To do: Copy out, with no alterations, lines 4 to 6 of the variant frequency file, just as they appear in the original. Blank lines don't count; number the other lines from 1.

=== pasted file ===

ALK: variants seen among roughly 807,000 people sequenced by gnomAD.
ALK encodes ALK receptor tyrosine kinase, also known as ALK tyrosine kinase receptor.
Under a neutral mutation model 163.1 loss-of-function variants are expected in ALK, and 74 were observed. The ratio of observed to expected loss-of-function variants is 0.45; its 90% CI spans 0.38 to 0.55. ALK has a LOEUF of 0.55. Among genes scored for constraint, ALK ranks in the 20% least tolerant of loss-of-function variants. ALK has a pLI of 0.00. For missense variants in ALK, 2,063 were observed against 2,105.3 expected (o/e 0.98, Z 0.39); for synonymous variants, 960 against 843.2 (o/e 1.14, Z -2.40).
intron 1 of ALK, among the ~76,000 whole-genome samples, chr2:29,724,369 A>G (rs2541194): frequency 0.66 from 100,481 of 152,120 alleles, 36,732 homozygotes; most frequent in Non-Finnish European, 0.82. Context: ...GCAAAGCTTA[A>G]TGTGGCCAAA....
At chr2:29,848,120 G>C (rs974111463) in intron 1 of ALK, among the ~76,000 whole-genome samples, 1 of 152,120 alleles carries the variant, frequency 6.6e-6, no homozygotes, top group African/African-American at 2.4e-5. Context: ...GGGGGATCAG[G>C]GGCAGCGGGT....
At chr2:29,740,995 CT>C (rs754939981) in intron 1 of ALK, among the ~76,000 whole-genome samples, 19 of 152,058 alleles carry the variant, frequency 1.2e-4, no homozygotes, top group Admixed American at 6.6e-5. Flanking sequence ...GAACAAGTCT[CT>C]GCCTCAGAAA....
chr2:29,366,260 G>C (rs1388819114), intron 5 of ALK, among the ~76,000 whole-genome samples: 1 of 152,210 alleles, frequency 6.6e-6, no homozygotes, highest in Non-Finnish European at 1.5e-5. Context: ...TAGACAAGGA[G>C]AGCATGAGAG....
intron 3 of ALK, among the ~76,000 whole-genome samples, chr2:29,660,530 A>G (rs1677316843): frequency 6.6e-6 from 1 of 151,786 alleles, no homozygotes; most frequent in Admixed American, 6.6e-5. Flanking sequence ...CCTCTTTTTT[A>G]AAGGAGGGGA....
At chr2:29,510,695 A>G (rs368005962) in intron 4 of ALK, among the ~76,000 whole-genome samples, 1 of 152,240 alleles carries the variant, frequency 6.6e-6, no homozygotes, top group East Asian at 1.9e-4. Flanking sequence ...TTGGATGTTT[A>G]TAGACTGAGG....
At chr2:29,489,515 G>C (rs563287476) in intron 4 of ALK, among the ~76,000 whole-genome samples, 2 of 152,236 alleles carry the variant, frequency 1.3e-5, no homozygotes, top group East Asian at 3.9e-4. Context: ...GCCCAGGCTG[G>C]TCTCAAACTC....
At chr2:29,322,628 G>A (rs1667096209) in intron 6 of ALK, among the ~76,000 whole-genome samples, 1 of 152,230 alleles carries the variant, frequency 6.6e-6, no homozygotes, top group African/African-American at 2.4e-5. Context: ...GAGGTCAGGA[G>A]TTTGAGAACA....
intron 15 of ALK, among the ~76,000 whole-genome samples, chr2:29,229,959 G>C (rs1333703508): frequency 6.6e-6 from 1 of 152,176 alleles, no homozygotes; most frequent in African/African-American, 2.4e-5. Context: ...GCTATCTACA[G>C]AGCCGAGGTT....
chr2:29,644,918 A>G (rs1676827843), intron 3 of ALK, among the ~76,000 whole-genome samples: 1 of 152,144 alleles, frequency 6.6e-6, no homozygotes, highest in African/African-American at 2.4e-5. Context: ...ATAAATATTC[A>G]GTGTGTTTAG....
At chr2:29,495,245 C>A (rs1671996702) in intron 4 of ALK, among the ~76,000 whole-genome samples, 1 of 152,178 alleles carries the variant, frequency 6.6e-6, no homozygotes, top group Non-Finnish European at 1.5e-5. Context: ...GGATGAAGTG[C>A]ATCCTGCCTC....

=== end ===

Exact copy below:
intron 1 of ALK, among the ~76,000 whole-genome samples, chr2:29,724,369 A>G (rs2541194): frequency 0.66 from 100,481 of 152,120 alleles, 36,732 homozygotes; most frequent in Non-Finnish European, 0.82. Context: ...GCAAAGCTTA[A>G]TGTGGCCAAA....
At chr2:29,848,120 G>C (rs974111463) in intron 1 of ALK, among the ~76,000 whole-genome samples, 1 of 152,120 alleles carries the variant, frequency 6.6e-6, no homozygotes, top group African/African-American at 2.4e-5. Context: ...GGGGGATCAG[G>C]GGCAGCGGGT....
At chr2:29,740,995 CT>C (rs754939981) in intron 1 of ALK, among the ~76,000 whole-genome samples, 19 of 152,058 alleles carry the variant, frequency 1.2e-4, no homozygotes, top group Admixed American at 6.6e-5. Flanking sequence ...GAACAAGTCT[CT>C]GCCTCAGAAA....